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Women’s track and field hopes for steady progression at Minnesota

BY AMY TIFFANY | JANUARY 21, 2011 7:10 AM

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Iowa women’s track and field head coach Layne Anderson said the team’s meet today and Saturday is the “perfect ramp up” from the competition last weekend at the Iowa Open.

The level of competition from the eight other teams registered at the Jack Johnson Classic in Minneapolis this weekend is tougher and deeper — not the least of which is host Minnesota.

“We cannot only show up and compete against [the Gophers] but also on their home track,” senior Bethany Praska said. “And show them what kind of talent we already have on our team early in the season.”

Anderson said the team’s goals for the classic are to get the younger athletes competing comfortably at the higher level and to continue to improve times.

He does not expect the best results of the season, but he hopes for a steady improvement. Thus, when the Big Ten championships roll around (Feb. 26-27), the Hawkeyes are prepared to run their best times of the season.

In a more straightforward way, Anderson hopes all of the athletes traveling with the team can hit personal records, even if the final time or distance does not land them in first place because of the higher level of competition. A first-place finish last weekend may not cut it this weekend.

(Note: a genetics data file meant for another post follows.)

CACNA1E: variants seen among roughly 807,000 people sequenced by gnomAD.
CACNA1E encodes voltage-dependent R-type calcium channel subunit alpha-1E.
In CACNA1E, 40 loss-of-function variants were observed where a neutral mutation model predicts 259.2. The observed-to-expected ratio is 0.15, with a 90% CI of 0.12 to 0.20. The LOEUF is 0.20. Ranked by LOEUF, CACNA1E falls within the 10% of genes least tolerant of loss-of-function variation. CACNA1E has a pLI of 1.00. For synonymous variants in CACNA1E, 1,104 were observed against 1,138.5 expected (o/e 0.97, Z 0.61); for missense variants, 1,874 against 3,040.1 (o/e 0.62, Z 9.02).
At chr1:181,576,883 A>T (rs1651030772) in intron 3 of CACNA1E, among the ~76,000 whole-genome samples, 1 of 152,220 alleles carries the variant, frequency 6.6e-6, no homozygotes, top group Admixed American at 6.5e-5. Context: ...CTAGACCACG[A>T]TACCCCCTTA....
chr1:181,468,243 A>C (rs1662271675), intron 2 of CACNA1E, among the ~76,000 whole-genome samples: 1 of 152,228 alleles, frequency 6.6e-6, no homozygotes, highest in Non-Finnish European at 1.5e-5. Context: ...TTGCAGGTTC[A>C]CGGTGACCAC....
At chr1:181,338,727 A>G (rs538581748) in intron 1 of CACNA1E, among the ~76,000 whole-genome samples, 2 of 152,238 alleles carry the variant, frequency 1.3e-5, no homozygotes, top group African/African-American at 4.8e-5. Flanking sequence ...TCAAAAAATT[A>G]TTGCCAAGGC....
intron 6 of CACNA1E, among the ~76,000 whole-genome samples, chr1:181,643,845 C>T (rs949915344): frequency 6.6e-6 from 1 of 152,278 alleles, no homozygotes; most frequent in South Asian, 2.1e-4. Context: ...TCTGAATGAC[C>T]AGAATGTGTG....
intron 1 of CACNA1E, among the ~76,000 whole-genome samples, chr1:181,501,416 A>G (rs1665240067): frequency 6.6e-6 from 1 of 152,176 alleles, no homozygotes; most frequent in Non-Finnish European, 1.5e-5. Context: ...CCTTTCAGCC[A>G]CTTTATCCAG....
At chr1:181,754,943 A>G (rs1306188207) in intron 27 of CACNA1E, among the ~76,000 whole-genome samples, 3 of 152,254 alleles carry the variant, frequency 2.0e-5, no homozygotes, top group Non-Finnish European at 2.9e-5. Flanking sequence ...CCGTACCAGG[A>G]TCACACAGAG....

“Some people will run a nice [personal record] and won’t finish in the top 10, but we still made progress,” Anderson said.

The Hawkeyes’ training program is set up in a way, he said, that prepares the athletes to reach their potential at the end of the season.

This weekend will be an early matchup of two Big Ten teams that will see each other again later in the season and again in the outdoor season.

“It’s always good to compete against a good team like [Minnesota] early in the season,” senior Tiffany Hendricks said.

She said the 200-meter indoor track at the Minnesota Field House, in which the meet will be held, will be packed with a lot of people. Praska noted there is not very much open space, and there are always numerous events going on simultaneously.

But Hendricks also credited the constant action as a motivator and Praska said the energy of an away meet give her a “competitive edge” she sometimes doesn’t feel at home meets.

“I think when other teams are there to be competitive, it brings our level up that much more,” Praska said. “And we can find different gears and better performances that maybe we didn’t know we had.”


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